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Civil War Letters of the Christie Family
CHRISTIE HOME

Author: Thomas D. Christie
Date: October 26, 1863
Location: Vicksburg, Mississippi
Addressee: James C. Christie
Description: General camp news; Thomas injures his fingers during writing of the letter.



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Vicksburg Oct. 26th 1863

My Dear Father:

William came in with the rest of the boys on the same day that I posted my letter to Sarah, and you may be sure we were glad to see them all, as they were to see us. William is looking as well as ever, only a little more so, and of course was eager to hear from home. He was, and is yet, very much incensed at "you all" for not writing while I was up there, and you must try by diligence and promptitude to regain his good graces.

My health continues good notwithstanding the long voyage, and hard work since I came. But we have got our tents all fixed up now and will not have anything more than the ordinary duties to do after this. It is said by those who ought to know that we are to stay here all winter, and if so we shall make ourselves comfortable.

Capt. Clayton came down yesterday looking much better—he says he had a hard time of it at Winona with Typhoid fever. He was married before coming down and his wife accompanied him to Chicago. Southwick and I have been very busy the past few days in arranging our tent and putting up a fireplace and chimney. He is our tent now with Kelly and me, and we have got things comfortable as could be. We had a cold rain a few days ago and frost after it – ice 3/4 inch thick – this cold spell continued 2 days, and it set everybody to chimney building.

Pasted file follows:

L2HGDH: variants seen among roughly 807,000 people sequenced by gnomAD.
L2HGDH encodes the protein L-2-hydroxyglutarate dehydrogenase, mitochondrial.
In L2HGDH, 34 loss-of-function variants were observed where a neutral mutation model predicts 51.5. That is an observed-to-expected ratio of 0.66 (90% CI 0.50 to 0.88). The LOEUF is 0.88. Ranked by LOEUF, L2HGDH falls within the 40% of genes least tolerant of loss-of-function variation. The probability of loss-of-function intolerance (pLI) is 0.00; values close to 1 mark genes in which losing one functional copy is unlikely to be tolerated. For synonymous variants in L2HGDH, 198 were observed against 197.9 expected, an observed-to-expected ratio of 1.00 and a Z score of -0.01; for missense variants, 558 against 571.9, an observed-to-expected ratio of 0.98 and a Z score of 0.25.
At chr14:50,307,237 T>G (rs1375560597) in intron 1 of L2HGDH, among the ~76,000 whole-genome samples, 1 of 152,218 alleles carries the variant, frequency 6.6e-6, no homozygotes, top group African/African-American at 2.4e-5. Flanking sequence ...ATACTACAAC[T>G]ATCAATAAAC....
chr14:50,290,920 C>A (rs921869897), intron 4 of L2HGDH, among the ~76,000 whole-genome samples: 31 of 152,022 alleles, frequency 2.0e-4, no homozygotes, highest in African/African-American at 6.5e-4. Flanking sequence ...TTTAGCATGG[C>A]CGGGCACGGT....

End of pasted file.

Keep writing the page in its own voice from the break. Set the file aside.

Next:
Oct. 29th

This lay over on account of work I had to do, wood to get out of the swamp, horses to bring from town, &c. I cannot finish it now, as I got three of the fingers of my right hand bruised yesterday by an ammunition chest falling on them, as we were lifting it off to clean and paint. A chest containing 40 rounds of 12 pdr shell coming down on a fellow's knuckles is not what it is cracked up to be if said cracking up indicated that the operation is pleasant. The accident did not happen by my carelessness. I had hold of the handle of the chest, holding it on at one end while the other was being lifted to the ground, in doing this, the man holding the pole of the limber let it swing round and down came my end of the chest in consequence crushing my fingers between the handle and the end of the cheek of the limber body. I thought that bones were broken but there is nothing damaged except the flesh.

You must not expect me to write any more till my hand is well, as it hurts me much to scribble with my forefinger and thumb as I do now.

Your loving Son,
T.D. Christie




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